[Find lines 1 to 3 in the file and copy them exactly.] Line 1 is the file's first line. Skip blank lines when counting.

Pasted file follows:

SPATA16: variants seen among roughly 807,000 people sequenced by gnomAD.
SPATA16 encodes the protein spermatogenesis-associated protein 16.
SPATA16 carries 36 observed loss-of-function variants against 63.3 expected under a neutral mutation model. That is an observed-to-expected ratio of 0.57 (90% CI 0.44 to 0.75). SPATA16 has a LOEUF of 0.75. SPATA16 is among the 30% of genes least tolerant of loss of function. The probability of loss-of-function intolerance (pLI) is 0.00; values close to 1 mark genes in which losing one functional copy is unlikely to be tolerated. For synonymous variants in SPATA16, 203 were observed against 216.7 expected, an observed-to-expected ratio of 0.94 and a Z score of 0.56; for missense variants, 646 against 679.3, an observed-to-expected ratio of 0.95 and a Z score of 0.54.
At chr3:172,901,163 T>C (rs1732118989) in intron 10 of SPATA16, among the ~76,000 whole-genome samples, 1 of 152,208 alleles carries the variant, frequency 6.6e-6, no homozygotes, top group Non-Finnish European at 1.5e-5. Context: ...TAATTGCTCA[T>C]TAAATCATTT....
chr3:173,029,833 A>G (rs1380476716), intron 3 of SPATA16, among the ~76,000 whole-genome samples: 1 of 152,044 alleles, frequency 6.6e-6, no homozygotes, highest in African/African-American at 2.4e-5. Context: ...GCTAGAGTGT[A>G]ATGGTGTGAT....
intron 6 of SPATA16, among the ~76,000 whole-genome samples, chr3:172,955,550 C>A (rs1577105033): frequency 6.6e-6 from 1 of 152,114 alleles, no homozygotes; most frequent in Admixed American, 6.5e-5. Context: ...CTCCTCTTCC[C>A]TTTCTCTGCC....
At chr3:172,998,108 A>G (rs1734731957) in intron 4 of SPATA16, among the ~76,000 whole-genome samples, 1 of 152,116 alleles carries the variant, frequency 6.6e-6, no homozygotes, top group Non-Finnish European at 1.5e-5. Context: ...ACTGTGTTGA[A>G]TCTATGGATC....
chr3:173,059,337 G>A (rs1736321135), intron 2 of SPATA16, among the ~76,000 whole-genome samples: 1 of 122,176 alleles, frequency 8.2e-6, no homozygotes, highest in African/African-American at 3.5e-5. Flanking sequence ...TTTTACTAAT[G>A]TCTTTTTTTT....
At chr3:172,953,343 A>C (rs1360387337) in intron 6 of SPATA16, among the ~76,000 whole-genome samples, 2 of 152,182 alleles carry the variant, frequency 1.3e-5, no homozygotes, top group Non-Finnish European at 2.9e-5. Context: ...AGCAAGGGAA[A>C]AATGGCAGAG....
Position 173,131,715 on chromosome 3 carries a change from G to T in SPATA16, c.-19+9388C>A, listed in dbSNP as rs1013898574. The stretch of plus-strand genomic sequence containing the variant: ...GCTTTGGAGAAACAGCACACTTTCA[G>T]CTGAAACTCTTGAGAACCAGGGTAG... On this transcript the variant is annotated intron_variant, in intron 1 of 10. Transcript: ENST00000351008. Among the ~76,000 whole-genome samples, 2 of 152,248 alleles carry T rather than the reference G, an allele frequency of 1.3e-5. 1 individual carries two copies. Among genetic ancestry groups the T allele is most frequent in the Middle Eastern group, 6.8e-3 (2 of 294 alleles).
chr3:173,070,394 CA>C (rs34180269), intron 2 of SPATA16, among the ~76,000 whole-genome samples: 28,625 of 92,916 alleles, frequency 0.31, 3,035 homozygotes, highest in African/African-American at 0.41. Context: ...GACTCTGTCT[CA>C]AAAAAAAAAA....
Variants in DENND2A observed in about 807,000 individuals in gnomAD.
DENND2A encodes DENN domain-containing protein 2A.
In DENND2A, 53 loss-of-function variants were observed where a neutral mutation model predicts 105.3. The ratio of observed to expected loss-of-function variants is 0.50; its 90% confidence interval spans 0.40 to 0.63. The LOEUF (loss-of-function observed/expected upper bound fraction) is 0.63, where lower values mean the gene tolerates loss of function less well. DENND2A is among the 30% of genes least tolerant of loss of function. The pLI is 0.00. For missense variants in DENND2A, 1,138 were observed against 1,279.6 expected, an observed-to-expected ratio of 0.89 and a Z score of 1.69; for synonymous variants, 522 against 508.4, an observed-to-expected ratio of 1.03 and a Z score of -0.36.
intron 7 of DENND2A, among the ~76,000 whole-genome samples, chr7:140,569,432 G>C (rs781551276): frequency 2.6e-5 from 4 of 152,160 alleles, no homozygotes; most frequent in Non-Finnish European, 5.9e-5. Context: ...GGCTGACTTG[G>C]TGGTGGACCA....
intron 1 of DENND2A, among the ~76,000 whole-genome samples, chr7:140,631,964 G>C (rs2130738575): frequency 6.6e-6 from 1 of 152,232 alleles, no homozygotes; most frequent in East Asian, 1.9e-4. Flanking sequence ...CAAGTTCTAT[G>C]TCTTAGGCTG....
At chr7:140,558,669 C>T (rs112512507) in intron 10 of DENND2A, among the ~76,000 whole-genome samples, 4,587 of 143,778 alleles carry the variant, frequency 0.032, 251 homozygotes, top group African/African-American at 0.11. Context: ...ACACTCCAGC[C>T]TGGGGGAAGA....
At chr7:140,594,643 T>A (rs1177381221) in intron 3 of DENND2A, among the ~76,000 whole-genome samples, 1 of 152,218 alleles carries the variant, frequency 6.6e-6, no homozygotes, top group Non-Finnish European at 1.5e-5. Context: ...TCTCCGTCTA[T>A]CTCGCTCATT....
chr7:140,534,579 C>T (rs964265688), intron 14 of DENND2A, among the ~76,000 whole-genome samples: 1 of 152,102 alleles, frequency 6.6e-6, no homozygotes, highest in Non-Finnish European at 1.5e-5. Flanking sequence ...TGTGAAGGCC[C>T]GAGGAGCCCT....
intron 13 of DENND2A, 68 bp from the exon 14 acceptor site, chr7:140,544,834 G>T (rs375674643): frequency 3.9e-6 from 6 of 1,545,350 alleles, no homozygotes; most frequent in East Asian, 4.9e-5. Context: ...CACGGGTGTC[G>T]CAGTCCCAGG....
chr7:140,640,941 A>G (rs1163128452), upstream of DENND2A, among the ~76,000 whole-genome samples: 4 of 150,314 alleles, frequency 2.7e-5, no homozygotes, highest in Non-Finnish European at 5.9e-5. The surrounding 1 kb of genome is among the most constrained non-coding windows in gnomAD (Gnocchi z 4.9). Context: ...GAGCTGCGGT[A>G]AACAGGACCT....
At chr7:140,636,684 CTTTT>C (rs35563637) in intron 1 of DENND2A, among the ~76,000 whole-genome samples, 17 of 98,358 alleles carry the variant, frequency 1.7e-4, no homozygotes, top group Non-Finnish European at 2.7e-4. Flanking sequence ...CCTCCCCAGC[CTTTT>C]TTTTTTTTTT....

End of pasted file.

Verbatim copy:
SPATA16: variants seen among roughly 807,000 people sequenced by gnomAD.
SPATA16 encodes the protein spermatogenesis-associated protein 16.
SPATA16 carries 36 observed loss-of-function variants against 63.3 expected under a neutral mutation model. That is an observed-to-expected ratio of 0.57 (90% CI 0.44 to 0.75). SPATA16 has a LOEUF of 0.75. SPATA16 is among the 30% of genes least tolerant of loss of function. The probability of loss-of-function intolerance (pLI) is 0.00; values close to 1 mark genes in which losing one functional copy is unlikely to be tolerated. For synonymous variants in SPATA16, 203 were observed against 216.7 expected, an observed-to-expected ratio of 0.94 and a Z score of 0.56; for missense variants, 646 against 679.3, an observed-to-expected ratio of 0.95 and a Z score of 0.54.